Nothing wrong with that. You have more skill and credibility.
I think the problem lies in wanting to charge other people/organizations of problems which they are not responsible for.
Fried potatoes are fine, but they are not the healthiest food if eaten every day. It's not McDonald's fault if some people eat fried potatoes every day. If somebody is overweight, he should begin questioning his own eating habits rather then try to blame somebody else. If you are fat, blame yourself. I eat at McDonald's and are quite slim.
By the same token, the reality of human species, and lack or abundance of beauty thereof depending on which half of the glass we look at, is something around us for us to see. We don't see the world through magazines, we see it through our eyes.
If insecure teen-agers don't sleep at night because they have a new spot on their nose, that's not a good reason not to retouch spots on noses. Your spots are entirely yours and your problems with spots, and perceptions thereof, are entirely "yours". Teenagers should face their narcissism without blaming magazines.
If said insecure teenager gets a wrong perspective of what beauty is after seeing retouched images in magazines, said teenager has a problem looking around himself, and I would advice him to dwell into photography just to learn understanding the world around him with his own eyes first.
Good old porn films show lots of spots and pimples in every parts of human body and at the same time would teach said insecure teen-ager that absence of spots is not strictly necessary in life :-). They would also teach insecure she-teenagers that the very thin kind of woman is normally not very much appreciated by men. Just make a poll among your friends... just look at the magazines they read, not the ones you read :-)
I'm frankly astonished myself about how certain young woman which I find personally quite ugly end up having a career as models. Nonetheless, my definition of beauty does not rely on what a sissy fashion designer thinks beauty is (actually in fashion the very skinny kind is practical for a certain uniformity in wearing clothes which therefore do not need retouching on the person, it's an industrial need not even a case of search for a different kind of beauty).
If your daughter thinks Twiggy had any beauty, just teach her she stinks, and buy her a copy of PlayBoy . Twiggy just looks good for hospitalization. I remember the posters which were hanging in our classroom in high school. None of the models were underweight by any measure.
Diapositivo I have to agree with you. Personally I think models and young actresses are often too skinny and as you said there is a practical (from the industry's point of view) reason for that. Unfortunately young ladies seeing those pictures think that's what one *should* look like. Young ladies should be looking at female athletes to see what a healthy body looks like, not models or actresses. It's sad because being way too skinny is not good for the models/actresses either. With the Olympics going on there is an abundance to examples of what a fit person (male or female) looks like ... that is what they should strive for not Twiggy.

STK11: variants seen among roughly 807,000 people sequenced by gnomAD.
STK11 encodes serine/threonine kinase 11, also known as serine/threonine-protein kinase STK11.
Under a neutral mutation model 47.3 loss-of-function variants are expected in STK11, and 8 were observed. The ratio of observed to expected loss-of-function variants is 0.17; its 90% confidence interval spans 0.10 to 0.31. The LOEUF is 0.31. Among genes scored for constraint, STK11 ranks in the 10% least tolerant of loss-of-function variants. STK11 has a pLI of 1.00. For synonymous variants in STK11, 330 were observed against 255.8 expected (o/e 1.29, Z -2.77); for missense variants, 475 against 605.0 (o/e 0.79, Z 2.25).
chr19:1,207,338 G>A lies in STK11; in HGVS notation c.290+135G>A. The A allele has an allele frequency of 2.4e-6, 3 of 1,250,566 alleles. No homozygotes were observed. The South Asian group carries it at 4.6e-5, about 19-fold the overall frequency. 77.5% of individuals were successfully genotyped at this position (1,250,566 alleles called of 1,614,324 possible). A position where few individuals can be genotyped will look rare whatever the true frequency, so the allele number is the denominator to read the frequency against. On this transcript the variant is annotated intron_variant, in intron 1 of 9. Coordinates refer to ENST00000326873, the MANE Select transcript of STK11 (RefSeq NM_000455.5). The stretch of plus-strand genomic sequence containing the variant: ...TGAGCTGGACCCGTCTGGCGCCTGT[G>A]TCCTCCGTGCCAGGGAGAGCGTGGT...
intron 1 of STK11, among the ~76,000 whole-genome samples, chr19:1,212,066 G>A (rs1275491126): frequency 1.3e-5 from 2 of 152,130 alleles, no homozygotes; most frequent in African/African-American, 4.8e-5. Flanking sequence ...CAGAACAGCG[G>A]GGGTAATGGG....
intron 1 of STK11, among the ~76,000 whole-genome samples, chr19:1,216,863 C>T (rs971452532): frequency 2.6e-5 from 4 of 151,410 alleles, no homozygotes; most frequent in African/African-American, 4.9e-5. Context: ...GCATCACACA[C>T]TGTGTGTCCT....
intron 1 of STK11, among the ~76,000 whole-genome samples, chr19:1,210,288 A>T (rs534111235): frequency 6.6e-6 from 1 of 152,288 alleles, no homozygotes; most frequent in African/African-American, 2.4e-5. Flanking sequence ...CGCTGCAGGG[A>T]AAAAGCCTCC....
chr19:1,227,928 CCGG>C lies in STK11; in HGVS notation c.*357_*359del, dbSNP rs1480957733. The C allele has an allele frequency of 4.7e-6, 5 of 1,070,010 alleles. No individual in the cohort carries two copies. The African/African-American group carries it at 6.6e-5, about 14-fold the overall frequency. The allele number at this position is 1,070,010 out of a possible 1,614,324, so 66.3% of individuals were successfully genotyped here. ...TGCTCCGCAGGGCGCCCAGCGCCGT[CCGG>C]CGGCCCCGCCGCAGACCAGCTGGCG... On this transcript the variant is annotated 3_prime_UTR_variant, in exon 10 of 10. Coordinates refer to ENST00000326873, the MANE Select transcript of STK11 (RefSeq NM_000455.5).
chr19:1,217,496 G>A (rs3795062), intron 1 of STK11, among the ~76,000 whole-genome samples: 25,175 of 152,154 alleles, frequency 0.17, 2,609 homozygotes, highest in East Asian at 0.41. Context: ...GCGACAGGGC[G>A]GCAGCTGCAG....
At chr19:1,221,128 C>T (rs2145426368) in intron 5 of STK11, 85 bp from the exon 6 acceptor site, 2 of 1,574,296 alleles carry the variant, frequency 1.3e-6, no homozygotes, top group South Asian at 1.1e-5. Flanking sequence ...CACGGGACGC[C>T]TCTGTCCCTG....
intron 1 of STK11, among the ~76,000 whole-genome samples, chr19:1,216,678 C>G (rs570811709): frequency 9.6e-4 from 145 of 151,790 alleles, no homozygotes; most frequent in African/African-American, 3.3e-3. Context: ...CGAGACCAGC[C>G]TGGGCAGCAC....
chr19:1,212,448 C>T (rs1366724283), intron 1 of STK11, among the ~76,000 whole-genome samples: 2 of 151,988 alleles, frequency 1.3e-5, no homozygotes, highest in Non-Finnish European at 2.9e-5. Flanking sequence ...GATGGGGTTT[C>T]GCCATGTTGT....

That's nice but your money isn't what's driving the body image business.
Originally Posted by Diapositivo
So are you saying that "Thin is in, but Fat is where it is at."? I prefer thin, my girl friend is thin. For me "Thin is in."
Edit: Reality thin not Photo$hop thin.
Warning!! Handling a Hasselblad can be harmful to your financial well being!
Nothing beats a great piece of glass!
I leave the digital work for the urologists and proctologists.
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Funny but Christina Hendricks "Joan" in AMC's "Mad Men," despite much initial panting, didn't launch or sustain a trend for '60s zaftig body types. Although naturally round in all the right places, she was padded out for the role and hasn't apparently been overwhelmed with work outside the series. Thin wins, again.
Originally Posted by Sirius Glass
Fashion models exist on diet coke and cigarettes. They often are so thin they don't have a period. That is just the price they pay. Many have eating disorders.
Cameras add weight. That is a fact of life. Clothes look better on skinny models. They hang better and they flow better. Therefore models have to be 10 pounds less than they look in the ads. They are also often immature teenagers when they begin modeling so they don't even have women's bodies yet.
If anything they are as much a victim of the fashion/fantasy world as young girls/women looking at the ads. Oddly most models because of their body types are rather small chested. If girls/women are really trying to emulate them, why do so many women get breast implants so they can look like they're smuggling cantaloupes.
Marketing of all sorts is merely selling fantasy. If you are stupid enough to buy into it, without understanding it, that is your problem.
I couldn't think of anything witty to say so I left this blank.
You're absolutely right about people taking responsibility for what one consumes. Marketing and capitalism is supposed to make one feel inadequate. That's what makes some of us strive for the unattainable. It's a matter of choice of what we believe.
Yep, I remember when the Contax RTS first came out. Young guys who had been lusting for Nikon F2's and such suddenly were lusting for the RTS. They'd say it was for the Zeiss lenses, but it was really because the cameras looked so damn sexy in the ads. Most couldn't afford one, but that didn't stop them from fantasizing. I used to drool over the pictures too, though I was actually happy with what I had. Seems so silly now.
Originally Posted by blansky
I do use a digital device in my photographic pursuits when necessary.
When someone rags on me for using film, I use a middle digit, upraised.